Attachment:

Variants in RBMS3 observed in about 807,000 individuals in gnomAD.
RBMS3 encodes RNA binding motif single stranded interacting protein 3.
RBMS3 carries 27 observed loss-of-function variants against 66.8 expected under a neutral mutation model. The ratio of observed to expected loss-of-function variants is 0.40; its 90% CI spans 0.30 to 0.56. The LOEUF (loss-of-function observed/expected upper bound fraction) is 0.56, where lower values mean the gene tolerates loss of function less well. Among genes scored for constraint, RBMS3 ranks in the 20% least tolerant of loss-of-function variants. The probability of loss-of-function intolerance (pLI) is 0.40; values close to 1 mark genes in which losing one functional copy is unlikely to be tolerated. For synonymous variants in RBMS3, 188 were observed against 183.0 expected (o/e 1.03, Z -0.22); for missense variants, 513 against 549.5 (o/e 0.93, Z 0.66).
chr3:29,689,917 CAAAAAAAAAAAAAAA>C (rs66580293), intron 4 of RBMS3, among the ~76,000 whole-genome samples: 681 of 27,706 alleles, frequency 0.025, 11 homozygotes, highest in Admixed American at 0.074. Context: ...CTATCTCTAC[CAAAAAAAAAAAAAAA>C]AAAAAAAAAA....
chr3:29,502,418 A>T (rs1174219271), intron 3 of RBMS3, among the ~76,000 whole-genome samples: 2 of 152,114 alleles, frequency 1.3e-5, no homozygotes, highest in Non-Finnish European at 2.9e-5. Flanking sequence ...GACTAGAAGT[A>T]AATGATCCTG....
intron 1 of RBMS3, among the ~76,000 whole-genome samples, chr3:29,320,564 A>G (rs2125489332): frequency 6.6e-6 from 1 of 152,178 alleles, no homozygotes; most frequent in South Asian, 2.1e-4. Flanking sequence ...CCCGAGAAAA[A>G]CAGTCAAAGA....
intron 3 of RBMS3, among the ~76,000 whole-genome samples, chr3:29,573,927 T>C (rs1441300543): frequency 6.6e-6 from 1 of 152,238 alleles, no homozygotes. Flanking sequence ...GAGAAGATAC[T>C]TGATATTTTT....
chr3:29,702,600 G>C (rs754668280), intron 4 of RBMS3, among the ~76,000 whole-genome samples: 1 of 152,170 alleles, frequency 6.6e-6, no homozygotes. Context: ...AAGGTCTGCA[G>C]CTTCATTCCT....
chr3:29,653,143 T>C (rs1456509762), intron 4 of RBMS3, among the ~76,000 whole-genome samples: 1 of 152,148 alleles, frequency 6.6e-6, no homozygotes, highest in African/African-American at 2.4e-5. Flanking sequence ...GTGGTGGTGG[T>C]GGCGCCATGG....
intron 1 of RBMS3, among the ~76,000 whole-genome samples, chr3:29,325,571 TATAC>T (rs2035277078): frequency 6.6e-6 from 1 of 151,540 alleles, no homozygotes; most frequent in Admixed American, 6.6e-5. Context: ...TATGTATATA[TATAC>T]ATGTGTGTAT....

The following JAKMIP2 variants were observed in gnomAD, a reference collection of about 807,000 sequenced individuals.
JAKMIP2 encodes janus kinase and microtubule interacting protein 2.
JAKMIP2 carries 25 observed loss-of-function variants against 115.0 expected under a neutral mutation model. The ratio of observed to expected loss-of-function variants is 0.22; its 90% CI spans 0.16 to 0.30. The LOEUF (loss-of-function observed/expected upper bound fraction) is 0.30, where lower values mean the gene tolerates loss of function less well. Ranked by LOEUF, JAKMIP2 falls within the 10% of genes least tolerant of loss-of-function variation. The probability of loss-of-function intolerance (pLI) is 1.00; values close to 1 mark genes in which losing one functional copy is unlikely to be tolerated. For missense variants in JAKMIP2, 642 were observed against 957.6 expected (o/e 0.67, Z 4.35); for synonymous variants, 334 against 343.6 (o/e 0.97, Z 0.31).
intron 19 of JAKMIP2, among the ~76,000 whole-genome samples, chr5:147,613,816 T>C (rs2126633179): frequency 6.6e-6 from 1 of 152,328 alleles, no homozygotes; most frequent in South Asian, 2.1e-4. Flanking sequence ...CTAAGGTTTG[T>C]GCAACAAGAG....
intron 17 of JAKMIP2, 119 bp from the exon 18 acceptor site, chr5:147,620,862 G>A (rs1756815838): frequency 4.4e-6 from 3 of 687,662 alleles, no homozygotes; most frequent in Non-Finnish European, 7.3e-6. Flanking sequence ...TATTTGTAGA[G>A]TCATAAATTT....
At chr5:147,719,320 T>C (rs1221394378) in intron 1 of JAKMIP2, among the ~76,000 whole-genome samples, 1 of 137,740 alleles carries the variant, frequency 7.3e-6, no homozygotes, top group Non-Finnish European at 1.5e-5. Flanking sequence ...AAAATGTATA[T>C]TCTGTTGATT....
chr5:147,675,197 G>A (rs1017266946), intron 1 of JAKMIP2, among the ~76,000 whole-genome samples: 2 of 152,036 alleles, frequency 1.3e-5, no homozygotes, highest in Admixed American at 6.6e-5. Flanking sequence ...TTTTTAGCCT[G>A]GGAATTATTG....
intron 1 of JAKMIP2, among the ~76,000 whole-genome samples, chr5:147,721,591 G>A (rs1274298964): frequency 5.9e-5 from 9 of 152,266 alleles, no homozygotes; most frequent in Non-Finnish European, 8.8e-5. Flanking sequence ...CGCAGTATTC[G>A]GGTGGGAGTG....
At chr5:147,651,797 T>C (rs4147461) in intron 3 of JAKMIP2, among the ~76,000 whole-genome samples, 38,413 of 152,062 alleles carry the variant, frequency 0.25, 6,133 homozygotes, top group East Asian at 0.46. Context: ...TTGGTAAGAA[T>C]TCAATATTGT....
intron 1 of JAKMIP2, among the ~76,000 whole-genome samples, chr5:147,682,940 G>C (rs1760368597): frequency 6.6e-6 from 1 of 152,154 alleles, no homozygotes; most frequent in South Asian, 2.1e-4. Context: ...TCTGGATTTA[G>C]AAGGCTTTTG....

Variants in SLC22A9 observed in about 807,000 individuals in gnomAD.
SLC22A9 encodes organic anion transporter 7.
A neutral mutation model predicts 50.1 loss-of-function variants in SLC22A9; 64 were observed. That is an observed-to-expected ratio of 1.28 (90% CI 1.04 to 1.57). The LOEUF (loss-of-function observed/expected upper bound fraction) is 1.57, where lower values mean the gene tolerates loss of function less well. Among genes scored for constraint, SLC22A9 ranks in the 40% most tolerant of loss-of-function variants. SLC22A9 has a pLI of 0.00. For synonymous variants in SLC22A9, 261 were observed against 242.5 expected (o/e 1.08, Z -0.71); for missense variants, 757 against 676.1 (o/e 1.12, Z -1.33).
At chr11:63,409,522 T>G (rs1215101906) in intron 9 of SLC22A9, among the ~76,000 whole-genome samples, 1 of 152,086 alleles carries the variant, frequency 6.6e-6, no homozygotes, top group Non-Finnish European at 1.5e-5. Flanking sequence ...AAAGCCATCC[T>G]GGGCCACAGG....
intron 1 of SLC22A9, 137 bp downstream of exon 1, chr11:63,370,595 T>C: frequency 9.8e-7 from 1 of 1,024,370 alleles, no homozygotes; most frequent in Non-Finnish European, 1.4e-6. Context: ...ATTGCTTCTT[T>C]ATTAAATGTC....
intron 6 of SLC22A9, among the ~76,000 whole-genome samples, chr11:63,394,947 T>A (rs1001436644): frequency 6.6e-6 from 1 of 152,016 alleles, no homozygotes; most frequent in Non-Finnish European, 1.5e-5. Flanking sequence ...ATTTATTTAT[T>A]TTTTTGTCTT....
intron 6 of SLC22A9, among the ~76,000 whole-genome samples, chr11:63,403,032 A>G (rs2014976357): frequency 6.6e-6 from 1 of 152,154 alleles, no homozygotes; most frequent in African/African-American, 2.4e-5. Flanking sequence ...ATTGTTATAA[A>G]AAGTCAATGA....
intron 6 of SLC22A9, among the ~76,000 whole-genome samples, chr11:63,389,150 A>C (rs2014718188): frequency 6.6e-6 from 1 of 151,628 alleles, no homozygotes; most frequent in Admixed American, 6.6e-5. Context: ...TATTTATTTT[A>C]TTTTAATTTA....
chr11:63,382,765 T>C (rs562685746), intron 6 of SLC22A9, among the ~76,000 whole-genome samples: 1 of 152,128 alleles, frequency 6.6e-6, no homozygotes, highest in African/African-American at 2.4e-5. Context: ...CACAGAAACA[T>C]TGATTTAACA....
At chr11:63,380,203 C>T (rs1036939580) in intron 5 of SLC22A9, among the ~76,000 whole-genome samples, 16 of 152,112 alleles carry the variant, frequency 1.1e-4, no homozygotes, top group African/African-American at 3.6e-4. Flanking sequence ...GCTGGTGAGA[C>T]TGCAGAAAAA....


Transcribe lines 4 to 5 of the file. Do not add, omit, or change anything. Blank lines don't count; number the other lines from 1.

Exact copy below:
chr3:29,689,917 CAAAAAAAAAAAAAAA>C (rs66580293), intron 4 of RBMS3, among the ~76,000 whole-genome samples: 681 of 27,706 alleles, frequency 0.025, 11 homozygotes, highest in Admixed American at 0.074. Context: ...CTATCTCTAC[CAAAAAAAAAAAAAAA>C]AAAAAAAAAA....
chr3:29,502,418 A>T (rs1174219271), intron 3 of RBMS3, among the ~76,000 whole-genome samples: 2 of 152,114 alleles, frequency 1.3e-5, no homozygotes, highest in Non-Finnish European at 2.9e-5. Flanking sequence ...GACTAGAAGT[A>T]AATGATCCTG....